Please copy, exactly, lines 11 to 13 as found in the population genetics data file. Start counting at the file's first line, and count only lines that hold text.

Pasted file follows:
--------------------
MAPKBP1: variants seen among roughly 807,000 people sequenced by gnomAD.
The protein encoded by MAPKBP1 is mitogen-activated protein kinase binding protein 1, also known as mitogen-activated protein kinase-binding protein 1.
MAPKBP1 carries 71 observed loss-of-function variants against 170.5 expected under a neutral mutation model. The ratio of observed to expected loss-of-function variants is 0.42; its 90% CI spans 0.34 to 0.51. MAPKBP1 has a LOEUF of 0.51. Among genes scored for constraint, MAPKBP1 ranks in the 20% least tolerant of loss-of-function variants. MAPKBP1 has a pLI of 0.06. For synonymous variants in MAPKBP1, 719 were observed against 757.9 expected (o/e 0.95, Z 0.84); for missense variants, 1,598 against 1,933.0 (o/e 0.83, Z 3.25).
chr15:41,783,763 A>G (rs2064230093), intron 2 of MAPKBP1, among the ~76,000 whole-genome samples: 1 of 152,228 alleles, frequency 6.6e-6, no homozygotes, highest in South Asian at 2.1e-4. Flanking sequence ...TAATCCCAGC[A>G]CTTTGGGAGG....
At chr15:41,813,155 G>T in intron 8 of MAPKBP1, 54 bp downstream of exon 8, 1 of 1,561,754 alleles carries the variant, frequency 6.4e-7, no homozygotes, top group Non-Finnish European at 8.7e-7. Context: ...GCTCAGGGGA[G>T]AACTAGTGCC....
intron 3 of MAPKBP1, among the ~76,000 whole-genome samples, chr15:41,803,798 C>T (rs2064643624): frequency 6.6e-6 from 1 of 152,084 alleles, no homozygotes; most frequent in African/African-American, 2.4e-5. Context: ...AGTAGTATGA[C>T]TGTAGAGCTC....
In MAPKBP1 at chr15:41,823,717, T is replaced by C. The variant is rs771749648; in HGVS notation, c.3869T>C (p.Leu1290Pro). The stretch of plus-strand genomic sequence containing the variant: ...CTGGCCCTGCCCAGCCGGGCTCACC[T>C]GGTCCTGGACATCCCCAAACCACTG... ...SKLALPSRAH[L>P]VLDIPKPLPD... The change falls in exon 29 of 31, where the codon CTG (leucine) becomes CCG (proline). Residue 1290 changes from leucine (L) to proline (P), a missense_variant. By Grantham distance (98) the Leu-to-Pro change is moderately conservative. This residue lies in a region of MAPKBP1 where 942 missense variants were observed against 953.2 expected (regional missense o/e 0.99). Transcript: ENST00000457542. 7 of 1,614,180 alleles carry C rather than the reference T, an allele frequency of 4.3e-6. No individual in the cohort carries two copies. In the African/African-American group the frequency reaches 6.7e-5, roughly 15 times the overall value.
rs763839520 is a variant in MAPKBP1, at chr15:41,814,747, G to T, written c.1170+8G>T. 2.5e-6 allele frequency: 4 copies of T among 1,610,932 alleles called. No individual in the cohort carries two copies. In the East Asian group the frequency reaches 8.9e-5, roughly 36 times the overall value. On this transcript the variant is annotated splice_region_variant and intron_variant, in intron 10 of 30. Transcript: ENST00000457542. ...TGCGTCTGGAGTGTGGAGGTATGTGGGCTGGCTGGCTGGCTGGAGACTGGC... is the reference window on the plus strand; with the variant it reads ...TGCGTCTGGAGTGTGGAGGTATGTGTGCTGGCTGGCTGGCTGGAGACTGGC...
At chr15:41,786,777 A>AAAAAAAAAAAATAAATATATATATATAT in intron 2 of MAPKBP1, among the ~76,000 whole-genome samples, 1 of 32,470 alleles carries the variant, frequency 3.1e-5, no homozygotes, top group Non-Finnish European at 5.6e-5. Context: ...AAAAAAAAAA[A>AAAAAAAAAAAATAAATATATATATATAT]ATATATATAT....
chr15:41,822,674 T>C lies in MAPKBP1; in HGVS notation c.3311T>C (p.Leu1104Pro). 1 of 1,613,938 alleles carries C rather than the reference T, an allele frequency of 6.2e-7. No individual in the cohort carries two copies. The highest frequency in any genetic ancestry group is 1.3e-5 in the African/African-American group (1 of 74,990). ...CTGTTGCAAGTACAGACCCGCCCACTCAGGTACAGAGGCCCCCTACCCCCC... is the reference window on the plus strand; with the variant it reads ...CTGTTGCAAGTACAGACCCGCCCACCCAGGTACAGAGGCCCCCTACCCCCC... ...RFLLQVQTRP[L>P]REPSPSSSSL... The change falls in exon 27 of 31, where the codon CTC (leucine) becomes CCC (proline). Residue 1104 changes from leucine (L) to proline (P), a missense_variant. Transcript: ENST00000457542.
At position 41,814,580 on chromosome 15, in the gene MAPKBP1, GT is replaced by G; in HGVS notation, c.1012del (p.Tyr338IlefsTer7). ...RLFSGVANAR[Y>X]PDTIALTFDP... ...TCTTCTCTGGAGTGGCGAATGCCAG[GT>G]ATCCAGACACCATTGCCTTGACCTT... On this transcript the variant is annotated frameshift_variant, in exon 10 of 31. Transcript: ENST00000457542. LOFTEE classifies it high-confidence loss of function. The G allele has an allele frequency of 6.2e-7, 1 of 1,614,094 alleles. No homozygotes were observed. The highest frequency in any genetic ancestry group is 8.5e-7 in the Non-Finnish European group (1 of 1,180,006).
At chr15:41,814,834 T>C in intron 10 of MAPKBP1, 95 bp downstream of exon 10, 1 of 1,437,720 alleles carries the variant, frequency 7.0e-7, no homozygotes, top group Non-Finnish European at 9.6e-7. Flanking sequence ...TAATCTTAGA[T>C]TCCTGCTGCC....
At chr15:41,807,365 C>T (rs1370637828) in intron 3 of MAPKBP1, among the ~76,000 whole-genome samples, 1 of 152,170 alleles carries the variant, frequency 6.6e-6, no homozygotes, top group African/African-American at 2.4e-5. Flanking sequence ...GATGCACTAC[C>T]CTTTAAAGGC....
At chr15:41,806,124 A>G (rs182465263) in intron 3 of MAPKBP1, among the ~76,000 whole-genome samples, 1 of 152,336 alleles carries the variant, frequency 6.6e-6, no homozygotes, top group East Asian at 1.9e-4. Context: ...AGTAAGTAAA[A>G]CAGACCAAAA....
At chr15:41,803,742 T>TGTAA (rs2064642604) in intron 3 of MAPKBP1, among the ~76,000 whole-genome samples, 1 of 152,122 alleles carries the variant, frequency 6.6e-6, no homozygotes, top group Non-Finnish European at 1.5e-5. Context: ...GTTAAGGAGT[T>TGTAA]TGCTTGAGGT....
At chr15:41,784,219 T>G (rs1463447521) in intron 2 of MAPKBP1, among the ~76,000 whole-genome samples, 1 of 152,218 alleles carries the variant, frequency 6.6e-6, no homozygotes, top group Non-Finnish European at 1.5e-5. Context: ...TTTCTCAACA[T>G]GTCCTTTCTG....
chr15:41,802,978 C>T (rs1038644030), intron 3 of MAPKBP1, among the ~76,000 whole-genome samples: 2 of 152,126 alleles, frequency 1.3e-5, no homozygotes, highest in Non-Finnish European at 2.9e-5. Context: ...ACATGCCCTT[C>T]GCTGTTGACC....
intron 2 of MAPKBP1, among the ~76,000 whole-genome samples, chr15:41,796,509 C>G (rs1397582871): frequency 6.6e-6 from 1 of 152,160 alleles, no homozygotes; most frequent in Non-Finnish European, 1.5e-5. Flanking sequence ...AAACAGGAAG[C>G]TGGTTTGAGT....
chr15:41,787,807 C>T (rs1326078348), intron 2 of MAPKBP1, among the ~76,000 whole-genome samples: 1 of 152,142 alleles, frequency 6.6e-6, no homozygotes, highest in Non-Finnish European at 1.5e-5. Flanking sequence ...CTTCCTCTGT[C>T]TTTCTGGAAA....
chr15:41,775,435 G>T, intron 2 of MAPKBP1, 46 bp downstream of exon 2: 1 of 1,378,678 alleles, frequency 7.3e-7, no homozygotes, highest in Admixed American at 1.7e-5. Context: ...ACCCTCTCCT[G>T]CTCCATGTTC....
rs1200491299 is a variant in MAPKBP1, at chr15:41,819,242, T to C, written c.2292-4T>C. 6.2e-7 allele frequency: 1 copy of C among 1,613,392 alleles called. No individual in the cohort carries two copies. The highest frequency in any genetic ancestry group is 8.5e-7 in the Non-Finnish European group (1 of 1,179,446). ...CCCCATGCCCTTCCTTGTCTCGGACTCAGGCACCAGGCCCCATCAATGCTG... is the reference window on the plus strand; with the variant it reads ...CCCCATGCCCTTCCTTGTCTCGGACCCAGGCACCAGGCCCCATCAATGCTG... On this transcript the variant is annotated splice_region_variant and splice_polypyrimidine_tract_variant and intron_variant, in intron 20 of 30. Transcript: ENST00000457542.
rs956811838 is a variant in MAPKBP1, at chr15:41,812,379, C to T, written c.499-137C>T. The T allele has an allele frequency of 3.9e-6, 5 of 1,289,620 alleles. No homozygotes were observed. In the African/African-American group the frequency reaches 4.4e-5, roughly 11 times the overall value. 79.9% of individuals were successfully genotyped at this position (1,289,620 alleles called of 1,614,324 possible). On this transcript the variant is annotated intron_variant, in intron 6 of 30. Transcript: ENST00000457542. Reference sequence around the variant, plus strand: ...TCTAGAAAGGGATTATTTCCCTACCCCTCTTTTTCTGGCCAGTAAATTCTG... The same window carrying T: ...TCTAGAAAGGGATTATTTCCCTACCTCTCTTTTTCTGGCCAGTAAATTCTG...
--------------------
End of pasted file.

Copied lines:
At position 41,814,580 on chromosome 15, in the gene MAPKBP1, GT is replaced by G; in HGVS notation, c.1012del (p.Tyr338IlefsTer7). ...RLFSGVANAR[Y>X]PDTIALTFDP... ...TCTTCTCTGGAGTGGCGAATGCCAG[GT>G]ATCCAGACACCATTGCCTTGACCTT... On this transcript the variant is annotated frameshift_variant, in exon 10 of 31. Transcript: ENST00000457542. LOFTEE classifies it high-confidence loss of function. The G allele has an allele frequency of 6.2e-7, 1 of 1,614,094 alleles. No homozygotes were observed. The highest frequency in any genetic ancestry group is 8.5e-7 in the Non-Finnish European group (1 of 1,180,006).
At chr15:41,814,834 T>C in intron 10 of MAPKBP1, 95 bp downstream of exon 10, 1 of 1,437,720 alleles carries the variant, frequency 7.0e-7, no homozygotes, top group Non-Finnish European at 9.6e-7. Flanking sequence ...TAATCTTAGA[T>C]TCCTGCTGCC....
At chr15:41,807,365 C>T (rs1370637828) in intron 3 of MAPKBP1, among the ~76,000 whole-genome samples, 1 of 152,170 alleles carries the variant, frequency 6.6e-6, no homozygotes, top group African/African-American at 2.4e-5. Flanking sequence ...GATGCACTAC[C>T]CTTTAAAGGC....